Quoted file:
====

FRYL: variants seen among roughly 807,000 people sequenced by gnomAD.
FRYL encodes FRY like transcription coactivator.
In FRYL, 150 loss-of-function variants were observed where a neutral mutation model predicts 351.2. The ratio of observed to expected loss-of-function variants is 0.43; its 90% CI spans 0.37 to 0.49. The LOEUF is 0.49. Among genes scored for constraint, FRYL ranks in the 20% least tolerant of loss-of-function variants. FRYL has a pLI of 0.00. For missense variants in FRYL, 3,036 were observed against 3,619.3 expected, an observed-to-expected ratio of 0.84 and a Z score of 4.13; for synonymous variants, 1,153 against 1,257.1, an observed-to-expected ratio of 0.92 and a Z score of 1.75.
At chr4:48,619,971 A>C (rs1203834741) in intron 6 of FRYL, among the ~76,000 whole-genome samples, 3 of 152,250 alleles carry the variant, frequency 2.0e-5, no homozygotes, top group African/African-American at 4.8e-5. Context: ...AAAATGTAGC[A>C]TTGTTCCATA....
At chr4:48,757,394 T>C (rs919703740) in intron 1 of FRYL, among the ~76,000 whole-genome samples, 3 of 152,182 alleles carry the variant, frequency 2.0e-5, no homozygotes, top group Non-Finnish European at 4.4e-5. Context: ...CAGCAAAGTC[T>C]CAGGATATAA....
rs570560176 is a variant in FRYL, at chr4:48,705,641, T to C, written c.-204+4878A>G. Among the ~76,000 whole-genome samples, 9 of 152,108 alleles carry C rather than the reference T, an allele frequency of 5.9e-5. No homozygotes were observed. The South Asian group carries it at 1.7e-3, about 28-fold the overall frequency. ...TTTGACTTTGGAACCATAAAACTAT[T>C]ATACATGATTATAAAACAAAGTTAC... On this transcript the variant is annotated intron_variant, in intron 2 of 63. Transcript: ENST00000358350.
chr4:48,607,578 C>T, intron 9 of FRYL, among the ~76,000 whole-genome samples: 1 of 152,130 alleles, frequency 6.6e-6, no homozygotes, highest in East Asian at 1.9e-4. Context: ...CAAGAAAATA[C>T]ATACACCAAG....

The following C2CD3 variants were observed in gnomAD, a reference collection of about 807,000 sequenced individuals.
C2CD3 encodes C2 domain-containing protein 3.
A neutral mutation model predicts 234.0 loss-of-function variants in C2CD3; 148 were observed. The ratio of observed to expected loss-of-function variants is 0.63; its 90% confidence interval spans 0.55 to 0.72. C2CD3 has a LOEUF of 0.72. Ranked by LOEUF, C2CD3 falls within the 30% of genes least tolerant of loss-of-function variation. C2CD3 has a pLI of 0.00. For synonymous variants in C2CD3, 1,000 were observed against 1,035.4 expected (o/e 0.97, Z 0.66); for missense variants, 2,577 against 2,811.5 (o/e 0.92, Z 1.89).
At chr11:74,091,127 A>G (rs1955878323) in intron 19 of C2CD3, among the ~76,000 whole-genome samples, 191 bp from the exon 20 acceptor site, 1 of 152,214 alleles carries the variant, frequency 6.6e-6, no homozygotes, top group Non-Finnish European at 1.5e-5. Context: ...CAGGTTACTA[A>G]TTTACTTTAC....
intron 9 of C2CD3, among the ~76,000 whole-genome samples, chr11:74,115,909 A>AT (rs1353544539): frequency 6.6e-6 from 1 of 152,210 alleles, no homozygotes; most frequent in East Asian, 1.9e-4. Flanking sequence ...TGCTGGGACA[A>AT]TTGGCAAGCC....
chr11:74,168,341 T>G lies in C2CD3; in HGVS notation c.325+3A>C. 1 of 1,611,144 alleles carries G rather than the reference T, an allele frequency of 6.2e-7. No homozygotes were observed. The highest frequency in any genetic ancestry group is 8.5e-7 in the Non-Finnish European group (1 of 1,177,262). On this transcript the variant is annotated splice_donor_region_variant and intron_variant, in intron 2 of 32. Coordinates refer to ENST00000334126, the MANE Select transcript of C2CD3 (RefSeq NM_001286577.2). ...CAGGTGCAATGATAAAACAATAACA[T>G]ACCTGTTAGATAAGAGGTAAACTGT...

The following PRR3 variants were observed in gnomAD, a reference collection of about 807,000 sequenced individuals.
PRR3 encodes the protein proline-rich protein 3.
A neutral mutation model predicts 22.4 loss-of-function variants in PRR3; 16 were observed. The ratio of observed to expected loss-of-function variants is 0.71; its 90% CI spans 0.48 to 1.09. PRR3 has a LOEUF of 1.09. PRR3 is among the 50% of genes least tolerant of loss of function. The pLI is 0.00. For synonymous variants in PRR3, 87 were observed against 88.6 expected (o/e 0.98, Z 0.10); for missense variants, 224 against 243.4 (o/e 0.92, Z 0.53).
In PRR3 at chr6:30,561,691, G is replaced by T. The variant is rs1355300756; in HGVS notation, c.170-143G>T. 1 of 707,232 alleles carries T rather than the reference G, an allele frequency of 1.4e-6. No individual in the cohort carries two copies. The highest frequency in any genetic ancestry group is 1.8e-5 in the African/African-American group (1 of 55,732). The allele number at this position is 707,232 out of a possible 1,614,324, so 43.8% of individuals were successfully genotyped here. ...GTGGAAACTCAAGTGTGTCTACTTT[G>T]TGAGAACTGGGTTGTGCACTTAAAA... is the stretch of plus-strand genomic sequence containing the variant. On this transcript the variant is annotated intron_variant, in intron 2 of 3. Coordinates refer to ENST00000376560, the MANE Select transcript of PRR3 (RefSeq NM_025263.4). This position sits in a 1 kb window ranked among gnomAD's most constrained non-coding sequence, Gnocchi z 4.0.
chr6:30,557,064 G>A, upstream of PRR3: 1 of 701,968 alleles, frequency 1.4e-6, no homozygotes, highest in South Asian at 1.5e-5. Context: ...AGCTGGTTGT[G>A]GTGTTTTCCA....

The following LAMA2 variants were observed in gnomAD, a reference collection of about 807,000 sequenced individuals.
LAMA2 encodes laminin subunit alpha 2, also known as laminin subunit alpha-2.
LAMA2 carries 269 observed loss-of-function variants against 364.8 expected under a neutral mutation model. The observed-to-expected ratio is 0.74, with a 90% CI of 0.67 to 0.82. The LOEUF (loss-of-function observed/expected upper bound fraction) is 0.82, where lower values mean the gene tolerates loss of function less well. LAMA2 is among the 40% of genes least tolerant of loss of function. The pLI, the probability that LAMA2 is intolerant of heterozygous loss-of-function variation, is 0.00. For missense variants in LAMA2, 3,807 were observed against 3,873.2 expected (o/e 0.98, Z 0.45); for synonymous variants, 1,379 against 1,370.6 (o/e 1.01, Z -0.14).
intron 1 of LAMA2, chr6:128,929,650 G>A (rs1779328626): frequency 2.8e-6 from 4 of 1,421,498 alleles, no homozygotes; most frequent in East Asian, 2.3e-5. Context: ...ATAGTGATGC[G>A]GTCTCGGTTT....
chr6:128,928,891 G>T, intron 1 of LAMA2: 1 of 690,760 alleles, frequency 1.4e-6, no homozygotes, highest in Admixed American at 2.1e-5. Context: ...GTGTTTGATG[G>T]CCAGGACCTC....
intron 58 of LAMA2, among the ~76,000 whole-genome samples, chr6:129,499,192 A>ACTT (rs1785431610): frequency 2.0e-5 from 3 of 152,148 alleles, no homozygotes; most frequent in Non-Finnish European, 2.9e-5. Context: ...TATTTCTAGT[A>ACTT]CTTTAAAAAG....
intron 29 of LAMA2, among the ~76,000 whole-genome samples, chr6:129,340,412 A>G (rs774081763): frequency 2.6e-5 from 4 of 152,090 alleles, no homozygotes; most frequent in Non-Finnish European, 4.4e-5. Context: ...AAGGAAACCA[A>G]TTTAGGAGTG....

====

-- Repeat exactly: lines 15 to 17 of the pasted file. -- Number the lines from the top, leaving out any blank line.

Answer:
PRR3 encodes the protein proline-rich protein 3.
A neutral mutation model predicts 22.4 loss-of-function variants in PRR3; 16 were observed. The ratio of observed to expected loss-of-function variants is 0.71; its 90% CI spans 0.48 to 1.09. PRR3 has a LOEUF of 1.09. PRR3 is among the 50% of genes least tolerant of loss of function. The pLI is 0.00. For synonymous variants in PRR3, 87 were observed against 88.6 expected (o/e 0.98, Z 0.10); for missense variants, 224 against 243.4 (o/e 0.92, Z 0.53).
In PRR3 at chr6:30,561,691, G is replaced by T. The variant is rs1355300756; in HGVS notation, c.170-143G>T. 1 of 707,232 alleles carries T rather than the reference G, an allele frequency of 1.4e-6. No individual in the cohort carries two copies. The highest frequency in any genetic ancestry group is 1.8e-5 in the African/African-American group (1 of 55,732). The allele number at this position is 707,232 out of a possible 1,614,324, so 43.8% of individuals were successfully genotyped here. ...GTGGAAACTCAAGTGTGTCTACTTT[G>T]TGAGAACTGGGTTGTGCACTTAAAA... is the stretch of plus-strand genomic sequence containing the variant. On this transcript the variant is annotated intron_variant, in intron 2 of 3. Coordinates refer to ENST00000376560, the MANE Select transcript of PRR3 (RefSeq NM_025263.4). This position sits in a 1 kb window ranked among gnomAD's most constrained non-coding sequence, Gnocchi z 4.0.